Iraq, a military campaign very likely would have to be followed by a
large-scale, long-term military occupation.
But the central point is that any campaign against Iraq, whatever the
strategy, cost and risks, is certain to divert us for some indefinite
period from our war on terrorism. Worse, there is a virtual consensus
in the world against an attack on Iraq at this time. So long as that
sentiment persists, it would require the U.S. to pursue a virtual go-it-alone
strategy against Iraq, making any military operations correspondingly
more difficult and expensive. The most serious cost, however, would be
to the war on terrorism. Ignoring that clear sentiment would result in
a serious degradation in international cooperation with us against
terrorism. And make no mistake, we simply cannot win that war without
enthusiastic international cooperation, especially on intelligence.
Possibly the most dire consequences would be the effect in the region.
The shared view in the region is that Iraq is principally an obsession
of the U.S. The obsession of the region, however, is the Israeli-Palestinian
conflict. If we were seen to be turning our backs on that bitter
conflict--which the region, rightly or wrongly, perceives to be
clearly within our power to resolve--in order to go after Iraq, there
would be an explosion of outrage against us. We would be seen as
ignoring a key interest of the Muslim world in order to satisfy what
is seen to be a narrow American interest.
Even without Israeli involvement, the results could well destabilize
Arab regimes in the region, ironically facilitating one of Saddam's
strategic objectives. At a minimum, it would stifle any cooperation on
terrorism, and could even swell the ranks of the terrorists.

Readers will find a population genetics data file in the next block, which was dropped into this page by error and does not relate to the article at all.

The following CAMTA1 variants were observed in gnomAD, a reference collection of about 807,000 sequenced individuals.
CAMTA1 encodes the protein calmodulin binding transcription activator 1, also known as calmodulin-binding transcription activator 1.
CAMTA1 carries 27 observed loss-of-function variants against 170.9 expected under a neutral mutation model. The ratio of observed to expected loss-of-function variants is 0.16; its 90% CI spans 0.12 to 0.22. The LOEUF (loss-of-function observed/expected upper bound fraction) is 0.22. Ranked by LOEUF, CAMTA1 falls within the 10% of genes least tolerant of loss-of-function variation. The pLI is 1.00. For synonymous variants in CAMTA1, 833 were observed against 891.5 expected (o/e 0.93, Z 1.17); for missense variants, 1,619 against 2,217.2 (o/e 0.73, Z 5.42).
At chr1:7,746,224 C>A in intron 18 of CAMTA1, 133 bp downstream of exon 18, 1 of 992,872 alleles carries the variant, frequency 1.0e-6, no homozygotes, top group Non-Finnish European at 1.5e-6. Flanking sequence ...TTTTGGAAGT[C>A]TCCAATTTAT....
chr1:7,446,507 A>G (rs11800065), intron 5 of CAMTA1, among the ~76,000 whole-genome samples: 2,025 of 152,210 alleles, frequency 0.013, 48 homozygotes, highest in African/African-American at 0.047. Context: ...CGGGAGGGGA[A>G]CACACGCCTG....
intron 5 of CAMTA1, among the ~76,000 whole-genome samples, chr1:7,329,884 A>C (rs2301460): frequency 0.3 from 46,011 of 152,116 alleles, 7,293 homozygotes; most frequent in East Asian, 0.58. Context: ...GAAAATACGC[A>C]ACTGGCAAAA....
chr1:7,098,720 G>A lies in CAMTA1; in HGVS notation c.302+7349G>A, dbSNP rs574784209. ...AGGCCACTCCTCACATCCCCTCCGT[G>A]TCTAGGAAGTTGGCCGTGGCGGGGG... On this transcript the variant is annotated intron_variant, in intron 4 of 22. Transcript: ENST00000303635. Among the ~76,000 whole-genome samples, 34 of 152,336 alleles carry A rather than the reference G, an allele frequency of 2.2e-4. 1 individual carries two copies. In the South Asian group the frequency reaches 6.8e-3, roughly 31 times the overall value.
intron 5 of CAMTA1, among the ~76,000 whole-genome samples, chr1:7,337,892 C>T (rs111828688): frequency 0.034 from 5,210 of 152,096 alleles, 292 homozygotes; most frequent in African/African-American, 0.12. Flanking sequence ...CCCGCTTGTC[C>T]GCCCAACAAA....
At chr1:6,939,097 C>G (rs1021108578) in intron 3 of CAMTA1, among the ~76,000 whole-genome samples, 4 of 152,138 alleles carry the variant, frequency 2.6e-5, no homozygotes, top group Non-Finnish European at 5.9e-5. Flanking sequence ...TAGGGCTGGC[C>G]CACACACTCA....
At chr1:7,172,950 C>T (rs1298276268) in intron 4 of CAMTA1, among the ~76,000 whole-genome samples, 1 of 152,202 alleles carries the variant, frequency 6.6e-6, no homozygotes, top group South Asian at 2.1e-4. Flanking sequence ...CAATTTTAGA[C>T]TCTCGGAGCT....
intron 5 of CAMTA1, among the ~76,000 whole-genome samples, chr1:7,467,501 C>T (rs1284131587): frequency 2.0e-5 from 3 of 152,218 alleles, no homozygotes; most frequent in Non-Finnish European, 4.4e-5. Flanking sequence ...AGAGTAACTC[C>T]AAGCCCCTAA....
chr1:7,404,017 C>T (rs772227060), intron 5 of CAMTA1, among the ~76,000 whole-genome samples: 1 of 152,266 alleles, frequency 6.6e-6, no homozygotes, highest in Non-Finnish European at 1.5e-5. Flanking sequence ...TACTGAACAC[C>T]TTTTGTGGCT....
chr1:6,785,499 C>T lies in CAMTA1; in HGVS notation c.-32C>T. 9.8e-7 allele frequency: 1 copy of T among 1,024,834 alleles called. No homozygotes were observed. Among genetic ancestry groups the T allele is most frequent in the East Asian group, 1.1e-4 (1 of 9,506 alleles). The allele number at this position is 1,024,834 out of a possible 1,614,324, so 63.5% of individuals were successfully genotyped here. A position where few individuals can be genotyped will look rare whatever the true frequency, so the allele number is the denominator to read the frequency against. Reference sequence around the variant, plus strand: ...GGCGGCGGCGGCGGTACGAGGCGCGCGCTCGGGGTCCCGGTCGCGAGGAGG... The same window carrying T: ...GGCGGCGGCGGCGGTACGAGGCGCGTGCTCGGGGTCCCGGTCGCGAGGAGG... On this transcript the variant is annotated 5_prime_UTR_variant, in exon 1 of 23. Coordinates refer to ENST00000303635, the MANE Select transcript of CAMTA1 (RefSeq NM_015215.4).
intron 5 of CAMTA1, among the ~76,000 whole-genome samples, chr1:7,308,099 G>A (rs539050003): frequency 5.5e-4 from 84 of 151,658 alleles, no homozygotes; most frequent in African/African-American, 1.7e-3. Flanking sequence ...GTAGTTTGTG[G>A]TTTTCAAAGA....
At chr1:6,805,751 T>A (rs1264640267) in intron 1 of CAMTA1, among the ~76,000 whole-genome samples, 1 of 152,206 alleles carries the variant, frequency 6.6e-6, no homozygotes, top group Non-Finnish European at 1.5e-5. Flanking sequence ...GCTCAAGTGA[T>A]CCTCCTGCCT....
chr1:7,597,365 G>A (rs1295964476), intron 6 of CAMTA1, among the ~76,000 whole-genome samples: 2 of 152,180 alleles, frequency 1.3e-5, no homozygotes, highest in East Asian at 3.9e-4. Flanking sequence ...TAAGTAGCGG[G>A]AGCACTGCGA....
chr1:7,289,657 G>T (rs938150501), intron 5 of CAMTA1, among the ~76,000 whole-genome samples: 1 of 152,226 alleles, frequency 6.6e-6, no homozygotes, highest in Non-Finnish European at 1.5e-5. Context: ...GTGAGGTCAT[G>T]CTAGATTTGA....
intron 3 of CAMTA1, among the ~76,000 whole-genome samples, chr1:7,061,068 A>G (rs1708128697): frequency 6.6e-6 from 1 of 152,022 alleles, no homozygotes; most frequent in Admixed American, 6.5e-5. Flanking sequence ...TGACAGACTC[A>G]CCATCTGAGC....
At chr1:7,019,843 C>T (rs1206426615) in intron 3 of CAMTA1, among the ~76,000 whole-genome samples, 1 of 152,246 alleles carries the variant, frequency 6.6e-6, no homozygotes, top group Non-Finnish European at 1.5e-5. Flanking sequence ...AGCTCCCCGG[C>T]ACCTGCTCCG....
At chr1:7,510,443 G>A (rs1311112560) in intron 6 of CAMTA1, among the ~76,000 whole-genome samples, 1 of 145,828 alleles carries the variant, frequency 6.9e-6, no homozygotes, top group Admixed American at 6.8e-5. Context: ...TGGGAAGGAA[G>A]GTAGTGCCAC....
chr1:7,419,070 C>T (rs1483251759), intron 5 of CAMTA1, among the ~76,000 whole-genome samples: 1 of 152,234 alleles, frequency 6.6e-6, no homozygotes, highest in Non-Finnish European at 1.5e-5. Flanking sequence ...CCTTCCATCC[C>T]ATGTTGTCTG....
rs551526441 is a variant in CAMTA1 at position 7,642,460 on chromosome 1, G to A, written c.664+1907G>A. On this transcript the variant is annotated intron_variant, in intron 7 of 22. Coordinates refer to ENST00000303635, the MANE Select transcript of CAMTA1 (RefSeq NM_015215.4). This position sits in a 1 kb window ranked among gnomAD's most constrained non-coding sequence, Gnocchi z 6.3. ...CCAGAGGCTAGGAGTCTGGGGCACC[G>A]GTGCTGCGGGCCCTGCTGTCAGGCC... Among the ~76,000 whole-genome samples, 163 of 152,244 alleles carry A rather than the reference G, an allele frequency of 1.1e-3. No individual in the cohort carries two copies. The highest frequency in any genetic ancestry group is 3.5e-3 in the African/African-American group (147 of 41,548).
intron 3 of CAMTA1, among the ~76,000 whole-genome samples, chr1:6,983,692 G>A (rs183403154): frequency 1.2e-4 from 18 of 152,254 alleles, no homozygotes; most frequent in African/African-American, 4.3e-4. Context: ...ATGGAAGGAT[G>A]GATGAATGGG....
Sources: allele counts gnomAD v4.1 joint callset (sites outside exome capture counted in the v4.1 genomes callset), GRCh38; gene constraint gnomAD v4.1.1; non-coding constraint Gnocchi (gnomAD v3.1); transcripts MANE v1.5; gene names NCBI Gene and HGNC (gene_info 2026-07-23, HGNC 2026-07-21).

Conversely, the more progress we make in the war on terrorism, and the
more we are seen to be committed to resolving the Israel-Palestinian
issue, the greater will be the international support for going after
If we are truly serious about the war on terrorism, it must remain our
top priority. However, should Saddam Hussein be found to be clearly
implicated in the events of Sept. 11, that could make him a key
counterterrorist target, rather than a competing priority, and
significantly shift world opinion toward support for regime change.
In any event, we should be pressing the United Nations Security
Council to insist on an effective no-notice inspection regime for Iraq--any
time, anywhere, no permission required. On this point, senior
administration officials have opined that Saddam Hussein would never
agree to such an inspection regime. But if he did, inspections would
serve to keep him off balance and under close observation, even if all
his weapons of mass destruction capabilities were not uncovered. And
if he refused, his rejection could provide the persuasive casus belli
which many claim we do not now have. Compelling evidence that Saddam
had acquired nuclear-weapons capability could have a similar effect.
In sum, if we will act in full awareness of the intimate
interrelationship of the key issues in the region, keeping
counterterrorism as our foremost priority, there is much potential for
success across the entire range of our security interests--including
Iraq. If we reject a comprehensive perspective, however, we put at
risk our campaign against terrorism as well as stability and security
in a vital region of the world.
Mr. Scowcroft, national security adviser under President Gerald Ford
and George H.W. Bush, is founder and president of the Forum for